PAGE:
We Can’t Even Comprehend the Massive Data Haul We’ll Soon Get From Sensors

Singularity Hub, Peter Diamandis from

… Comprising the first part of tomorrow’s smart environment information-processing pipeline, sensors are the data-gathering apparatus that provide our computers with the information they need to act.

Case Study: The Oura Ring

Not much more than a sleek, black band, the Oura Ring is the most accurate sleep tracker on the market, thanks to its TK sensors.


Exercise stress test results often misinterpreted as bad news

Stanford Medicine, Scope Blog from

Is it dangerous to have high blood pressure while at peak exertion during an exercise test on a treadmill? Stanford researchers set out to answer this question in response to a controversy over how best to interpret the results of common tests used to measure heart health.

Because it’s generally known that high blood pressure is an indicator of poor heart health at rest, it may seem like commonsense that reaching high levels while exercising hard on a treadmill would be bad. In fact, many doctors do consider this a sign of potential heart or blood vessel problems. But, according to the Stanford research, they shouldn’t always.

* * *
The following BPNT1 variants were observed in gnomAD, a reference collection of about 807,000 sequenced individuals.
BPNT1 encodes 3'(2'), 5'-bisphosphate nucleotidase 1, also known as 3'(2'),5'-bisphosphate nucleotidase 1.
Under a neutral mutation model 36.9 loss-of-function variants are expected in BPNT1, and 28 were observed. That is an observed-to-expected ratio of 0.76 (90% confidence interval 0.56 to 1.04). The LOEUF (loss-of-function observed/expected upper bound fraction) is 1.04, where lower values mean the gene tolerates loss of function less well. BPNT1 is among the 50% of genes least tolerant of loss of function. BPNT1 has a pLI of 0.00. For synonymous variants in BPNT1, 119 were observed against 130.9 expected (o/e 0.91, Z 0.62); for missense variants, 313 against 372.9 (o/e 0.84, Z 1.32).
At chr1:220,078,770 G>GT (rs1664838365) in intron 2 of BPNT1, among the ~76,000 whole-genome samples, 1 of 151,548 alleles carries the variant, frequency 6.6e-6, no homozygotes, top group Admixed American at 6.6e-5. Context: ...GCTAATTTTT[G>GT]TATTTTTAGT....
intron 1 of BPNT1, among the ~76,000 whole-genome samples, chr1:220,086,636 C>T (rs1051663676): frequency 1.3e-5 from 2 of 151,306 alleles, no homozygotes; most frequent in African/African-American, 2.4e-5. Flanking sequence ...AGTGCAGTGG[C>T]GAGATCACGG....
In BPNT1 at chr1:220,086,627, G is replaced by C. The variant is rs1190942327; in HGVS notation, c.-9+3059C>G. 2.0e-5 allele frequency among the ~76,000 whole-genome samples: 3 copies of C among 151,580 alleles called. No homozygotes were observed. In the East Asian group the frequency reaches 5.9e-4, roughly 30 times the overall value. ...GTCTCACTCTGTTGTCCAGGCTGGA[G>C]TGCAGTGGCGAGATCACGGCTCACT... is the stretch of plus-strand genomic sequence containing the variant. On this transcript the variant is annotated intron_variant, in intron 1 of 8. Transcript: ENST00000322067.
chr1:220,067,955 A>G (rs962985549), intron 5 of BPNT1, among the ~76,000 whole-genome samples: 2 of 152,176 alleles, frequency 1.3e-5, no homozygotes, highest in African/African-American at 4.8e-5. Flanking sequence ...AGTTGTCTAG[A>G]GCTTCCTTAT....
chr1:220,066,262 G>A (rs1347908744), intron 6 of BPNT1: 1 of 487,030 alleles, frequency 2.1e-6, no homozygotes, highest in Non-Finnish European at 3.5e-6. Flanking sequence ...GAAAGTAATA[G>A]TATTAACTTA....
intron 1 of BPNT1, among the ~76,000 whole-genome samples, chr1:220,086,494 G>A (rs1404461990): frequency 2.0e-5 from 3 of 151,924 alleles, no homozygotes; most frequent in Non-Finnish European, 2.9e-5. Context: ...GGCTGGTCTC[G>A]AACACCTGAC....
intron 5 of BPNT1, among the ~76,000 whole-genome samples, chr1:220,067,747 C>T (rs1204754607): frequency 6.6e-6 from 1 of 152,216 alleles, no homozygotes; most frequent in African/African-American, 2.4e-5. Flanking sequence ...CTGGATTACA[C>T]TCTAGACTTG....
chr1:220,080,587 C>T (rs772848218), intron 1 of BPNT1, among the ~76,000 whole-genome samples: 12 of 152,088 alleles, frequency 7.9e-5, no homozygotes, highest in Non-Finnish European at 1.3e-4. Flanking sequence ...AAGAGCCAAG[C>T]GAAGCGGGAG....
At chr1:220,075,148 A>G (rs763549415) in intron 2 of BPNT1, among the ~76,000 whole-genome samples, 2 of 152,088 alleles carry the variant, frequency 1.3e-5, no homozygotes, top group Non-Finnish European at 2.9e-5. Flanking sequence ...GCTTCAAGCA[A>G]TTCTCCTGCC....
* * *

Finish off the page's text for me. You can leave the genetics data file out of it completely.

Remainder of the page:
“Physicians often misinterpret these high blood pressure results from exercise tests,” said Kristofer Hedman, MD, PhD, a former postdoctoral fellow at Stanford University School of Medicine and lead author of a paper on the research published recently in the European Journal of Preventive Cardiology. Jonathan Myers, MD, clinical professor of cardiovascular medicine at Stanford and director of cardiopulmonary research at Veterans Affairs Palo Alto Health Care System, and Francois Haddad, MD, clinical associate professor of cardiovascular medicine, were co-senior authors


‘Standard of Care’ Laws May Not Dissuade Sport Concussion Lawsuits

Twitter, Phil Wagner from

Tough situation BUT it is hard to fault the legal challenges to a standard test that counts how many times a person touches their foot down while balancing…


Premier League Clubs Lost £166 Million In Wages To Injuries Last Season With Manchester City Most Affected

Forbes, James Ayles from

… The research, conducted by football intelligence agency 21st Club and commissioned by Catapult, showed that across the Premier League, injured players cost their clubs an eye-watering £166 million in salary, amounting to 14% of total wage expenditure.

Although the total wages lost to injury in the Premier League was £166 million, last season’s top six finishers-Man City, Liverpool, Chelsea, Tottenham, Arsenal and Manchester United-accounted for a significant £91.2 million of that.

In fact, the research goes on to show how those clubs in the top six were less affected by injuries than those in the lower reaches of the division. West Ham United were the only team among the top six spenders on injuries that did not achieve a top six finish.